Furthermore, there appears to be an internal struggle brewing within the government following the signing earlier this year of a major trilateral agreement (between Greece, Cyprus and Israel) to promote the huge EastMed gas pipeline project.
This is a very demanding project, by international standards, of the mostly underwater pipeline which will cost some €8.0 bln and is destined to bring substantial gas volumes from East Mediterranean fields, through Greece, to the main European gas markets.
This pipeline will also provide Greece with a gateway for its own gas from the yet-to-be-discovered gas fields south of Crete.
Independent energy analysts in Athens observe that pursuing this major project now comes in direct conflict with the Greek government’s latest change of policy priorities to downgrade its interests in hydrocarbon search and possibly proceed in nullifying all concession agreements with international companies.
The ample support which the present Greek government has provided wholeheartedly, from day one to all kinds of environmental pressure groups bodes well with its latest move to back away from hydrocarbon exploration, note these analysts.
Sources close to the government’s senior echelons have revealed to the Financial Mirror, that since the government of PM Kyriakos Mitsotakis decided to embrace the European Commission’s New Green Deal, its priorities no longer include the development of the country’s substantial oil and gas resources, which some members of the cabinet have rushed to describe as “stranded assets”.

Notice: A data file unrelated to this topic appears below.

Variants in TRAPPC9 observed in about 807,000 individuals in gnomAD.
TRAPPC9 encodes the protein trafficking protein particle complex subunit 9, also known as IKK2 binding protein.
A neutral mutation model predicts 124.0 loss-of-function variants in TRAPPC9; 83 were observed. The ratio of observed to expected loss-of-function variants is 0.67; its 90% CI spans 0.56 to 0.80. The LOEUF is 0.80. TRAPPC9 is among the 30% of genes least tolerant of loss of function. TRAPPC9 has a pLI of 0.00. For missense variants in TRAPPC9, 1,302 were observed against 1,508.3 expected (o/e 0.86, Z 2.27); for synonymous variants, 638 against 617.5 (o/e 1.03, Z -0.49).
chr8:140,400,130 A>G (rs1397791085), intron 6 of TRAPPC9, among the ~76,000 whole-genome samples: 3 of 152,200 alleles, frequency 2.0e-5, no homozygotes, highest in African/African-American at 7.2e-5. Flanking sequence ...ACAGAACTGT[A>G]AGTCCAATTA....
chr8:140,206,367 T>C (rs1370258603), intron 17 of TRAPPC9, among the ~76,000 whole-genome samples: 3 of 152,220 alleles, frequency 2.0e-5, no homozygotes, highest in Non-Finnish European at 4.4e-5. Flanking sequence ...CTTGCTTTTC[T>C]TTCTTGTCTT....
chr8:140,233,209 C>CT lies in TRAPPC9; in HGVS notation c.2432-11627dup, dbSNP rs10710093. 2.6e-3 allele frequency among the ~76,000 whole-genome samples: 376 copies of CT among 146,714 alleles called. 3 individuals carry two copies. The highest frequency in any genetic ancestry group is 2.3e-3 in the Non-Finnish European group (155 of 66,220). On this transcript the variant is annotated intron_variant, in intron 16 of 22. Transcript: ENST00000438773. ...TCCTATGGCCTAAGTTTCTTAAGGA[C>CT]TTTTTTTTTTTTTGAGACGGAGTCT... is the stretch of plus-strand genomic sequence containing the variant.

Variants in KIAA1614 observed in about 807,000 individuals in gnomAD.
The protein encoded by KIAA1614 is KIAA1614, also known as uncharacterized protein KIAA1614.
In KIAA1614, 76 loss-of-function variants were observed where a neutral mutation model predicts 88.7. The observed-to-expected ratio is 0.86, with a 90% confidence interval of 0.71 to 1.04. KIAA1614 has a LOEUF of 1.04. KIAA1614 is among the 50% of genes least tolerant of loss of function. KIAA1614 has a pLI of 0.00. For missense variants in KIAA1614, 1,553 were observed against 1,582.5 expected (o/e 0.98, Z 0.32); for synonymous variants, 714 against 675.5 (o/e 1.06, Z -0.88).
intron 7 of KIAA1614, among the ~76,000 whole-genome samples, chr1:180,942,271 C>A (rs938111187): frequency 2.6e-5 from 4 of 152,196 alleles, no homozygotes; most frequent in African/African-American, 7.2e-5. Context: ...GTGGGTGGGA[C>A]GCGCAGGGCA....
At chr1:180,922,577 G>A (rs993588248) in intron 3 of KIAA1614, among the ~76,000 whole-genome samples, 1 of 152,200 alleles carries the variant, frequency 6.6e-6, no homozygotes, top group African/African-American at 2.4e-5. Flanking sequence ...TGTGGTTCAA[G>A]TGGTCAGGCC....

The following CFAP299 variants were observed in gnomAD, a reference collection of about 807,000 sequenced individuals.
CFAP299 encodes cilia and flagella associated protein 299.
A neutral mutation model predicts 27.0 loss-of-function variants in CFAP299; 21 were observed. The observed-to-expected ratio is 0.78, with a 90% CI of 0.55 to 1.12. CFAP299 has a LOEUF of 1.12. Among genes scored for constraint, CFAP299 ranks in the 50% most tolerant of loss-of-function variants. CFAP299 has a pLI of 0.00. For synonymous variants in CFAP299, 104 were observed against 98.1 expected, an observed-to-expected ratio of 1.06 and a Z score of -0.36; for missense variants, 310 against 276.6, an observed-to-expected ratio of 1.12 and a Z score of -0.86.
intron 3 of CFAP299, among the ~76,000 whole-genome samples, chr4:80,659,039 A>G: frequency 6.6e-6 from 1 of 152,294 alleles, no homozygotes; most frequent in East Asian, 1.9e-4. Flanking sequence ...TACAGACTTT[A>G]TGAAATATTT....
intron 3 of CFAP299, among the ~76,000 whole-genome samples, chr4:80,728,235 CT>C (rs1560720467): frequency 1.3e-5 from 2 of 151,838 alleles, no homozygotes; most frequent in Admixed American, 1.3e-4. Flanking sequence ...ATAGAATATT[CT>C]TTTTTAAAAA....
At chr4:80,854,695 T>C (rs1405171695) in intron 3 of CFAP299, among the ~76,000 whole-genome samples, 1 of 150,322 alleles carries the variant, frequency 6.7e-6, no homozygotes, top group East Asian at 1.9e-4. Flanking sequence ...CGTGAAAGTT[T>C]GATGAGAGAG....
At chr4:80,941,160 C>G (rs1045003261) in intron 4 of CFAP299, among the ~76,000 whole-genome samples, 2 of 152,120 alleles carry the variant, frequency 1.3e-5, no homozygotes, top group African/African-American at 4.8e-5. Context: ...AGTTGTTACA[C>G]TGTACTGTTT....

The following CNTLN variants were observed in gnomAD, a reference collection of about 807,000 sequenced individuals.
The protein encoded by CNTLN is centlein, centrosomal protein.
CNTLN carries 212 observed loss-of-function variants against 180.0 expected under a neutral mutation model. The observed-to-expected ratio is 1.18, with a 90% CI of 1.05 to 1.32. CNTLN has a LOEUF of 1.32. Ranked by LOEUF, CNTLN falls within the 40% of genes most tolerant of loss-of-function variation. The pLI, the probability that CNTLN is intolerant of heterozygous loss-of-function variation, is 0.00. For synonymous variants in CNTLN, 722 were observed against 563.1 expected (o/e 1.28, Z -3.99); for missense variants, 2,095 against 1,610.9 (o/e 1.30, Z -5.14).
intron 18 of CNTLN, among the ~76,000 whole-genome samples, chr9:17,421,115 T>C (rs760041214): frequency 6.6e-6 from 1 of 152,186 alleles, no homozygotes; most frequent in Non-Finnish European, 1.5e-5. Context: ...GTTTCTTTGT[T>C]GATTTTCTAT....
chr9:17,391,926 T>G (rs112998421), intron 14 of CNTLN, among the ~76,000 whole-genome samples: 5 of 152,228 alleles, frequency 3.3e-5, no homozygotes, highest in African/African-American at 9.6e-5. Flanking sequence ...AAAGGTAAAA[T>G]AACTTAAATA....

Consequently, the government is now faced with the option of further increasing gas and electricity imports since at the same time it is committed, following pressure from Brussels, to fully decarbonise its energy system by 2028.
This means that over the next few years the country’s major electricity company PPC/DEH will have to shut down some 14 lignite-fired power plants corresponding to 4.0 GW of installed capacity.
Hence, Greece’s energy dependency, which now stands at 75% and is one of the highest in the EU, will very soon jump to 85% and possibly higher, pending the large-scale development of its significant renewable energy potential.
According to the government’s latest “Energy and Climate Action Plan” submitted to the EC at the end of 2019, renewables should be able to cover 35% of the country’s final energy consumption by 2030 and more than 60% in the electricity mix, with the rest of the required energy to be imported.
Even then, according to independent analysts, it is highly doubtful that such an ambitious goal can be achieved as the currently pursued energy policy, with the total lack of inputs from indigenous energy sources such as gas and coal, which can provide the necessary electricity baseload, is leading to an impasse with dire consequences for the country’s deteriorating balance of payment situation.
Unlike the Republic of Cyprus, the Greek government is not much concerned with the anticipated substantial financial flows which could result from the consistent development of the country’s not insignificant hydrocarbon resources.
It seems that the Mitsotakis government is placing all its bets on its “green” agenda which prioritises the exploitation of large-scale Renewable Energy Sources against all other types of fuel.
And although sun and wind are free, the equipment required to tap them is not and almost all of it is being imported at a huge cost.
Costis Stambolis is a Financial Mirror correspondent, based in Athens.